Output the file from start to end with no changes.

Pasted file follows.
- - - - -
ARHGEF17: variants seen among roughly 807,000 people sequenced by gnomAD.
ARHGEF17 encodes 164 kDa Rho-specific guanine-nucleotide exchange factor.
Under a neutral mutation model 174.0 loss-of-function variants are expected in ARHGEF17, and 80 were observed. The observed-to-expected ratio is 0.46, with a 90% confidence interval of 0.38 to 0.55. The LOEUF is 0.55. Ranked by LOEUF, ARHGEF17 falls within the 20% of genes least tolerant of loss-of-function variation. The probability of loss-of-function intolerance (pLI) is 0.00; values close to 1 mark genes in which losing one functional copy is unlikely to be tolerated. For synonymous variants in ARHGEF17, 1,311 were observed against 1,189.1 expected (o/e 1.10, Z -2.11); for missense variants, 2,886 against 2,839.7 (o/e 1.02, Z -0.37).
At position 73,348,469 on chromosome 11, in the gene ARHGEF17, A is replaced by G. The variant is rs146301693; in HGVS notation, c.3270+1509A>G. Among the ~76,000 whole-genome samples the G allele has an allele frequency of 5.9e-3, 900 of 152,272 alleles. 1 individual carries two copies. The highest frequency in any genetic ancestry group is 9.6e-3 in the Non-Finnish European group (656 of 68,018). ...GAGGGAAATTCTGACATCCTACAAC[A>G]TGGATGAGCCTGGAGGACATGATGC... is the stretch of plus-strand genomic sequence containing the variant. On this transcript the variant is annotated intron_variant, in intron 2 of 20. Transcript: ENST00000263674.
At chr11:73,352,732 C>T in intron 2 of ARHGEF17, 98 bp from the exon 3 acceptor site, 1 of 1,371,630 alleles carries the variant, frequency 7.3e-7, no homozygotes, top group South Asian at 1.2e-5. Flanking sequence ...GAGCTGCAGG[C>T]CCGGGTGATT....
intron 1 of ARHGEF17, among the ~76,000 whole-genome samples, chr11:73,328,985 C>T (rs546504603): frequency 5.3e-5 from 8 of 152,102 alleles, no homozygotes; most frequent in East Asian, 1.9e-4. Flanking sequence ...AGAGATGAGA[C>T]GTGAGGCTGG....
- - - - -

ARHGEF17: variants seen among roughly 807,000 people sequenced by gnomAD.
ARHGEF17 encodes 164 kDa Rho-specific guanine-nucleotide exchange factor.
Under a neutral mutation model 174.0 loss-of-function variants are expected in ARHGEF17, and 80 were observed. The observed-to-expected ratio is 0.46, with a 90% confidence interval of 0.38 to 0.55. The LOEUF is 0.55. Ranked by LOEUF, ARHGEF17 falls within the 20% of genes least tolerant of loss-of-function variation. The probability of loss-of-function intolerance (pLI) is 0.00; values close to 1 mark genes in which losing one functional copy is unlikely to be tolerated. For synonymous variants in ARHGEF17, 1,311 were observed against 1,189.1 expected (o/e 1.10, Z -2.11); for missense variants, 2,886 against 2,839.7 (o/e 1.02, Z -0.37).
At position 73,348,469 on chromosome 11, in the gene ARHGEF17, A is replaced by G. The variant is rs146301693; in HGVS notation, c.3270+1509A>G. Among the ~76,000 whole-genome samples the G allele has an allele frequency of 5.9e-3, 900 of 152,272 alleles. 1 individual carries two copies. The highest frequency in any genetic ancestry group is 9.6e-3 in the Non-Finnish European group (656 of 68,018). ...GAGGGAAATTCTGACATCCTACAAC[A>G]TGGATGAGCCTGGAGGACATGATGC... is the stretch of plus-strand genomic sequence containing the variant. On this transcript the variant is annotated intron_variant, in intron 2 of 20. Transcript: ENST00000263674.
At chr11:73,352,732 C>T in intron 2 of ARHGEF17, 98 bp from the exon 3 acceptor site, 1 of 1,371,630 alleles carries the variant, frequency 7.3e-7, no homozygotes, top group South Asian at 1.2e-5. Flanking sequence ...GAGCTGCAGG[C>T]CCGGGTGATT....
intron 1 of ARHGEF17, among the ~76,000 whole-genome samples, chr11:73,328,985 C>T (rs546504603): frequency 5.3e-5 from 8 of 152,102 alleles, no homozygotes; most frequent in East Asian, 1.9e-4. Flanking sequence ...AGAGATGAGA[C>T]GTGAGGCTGG....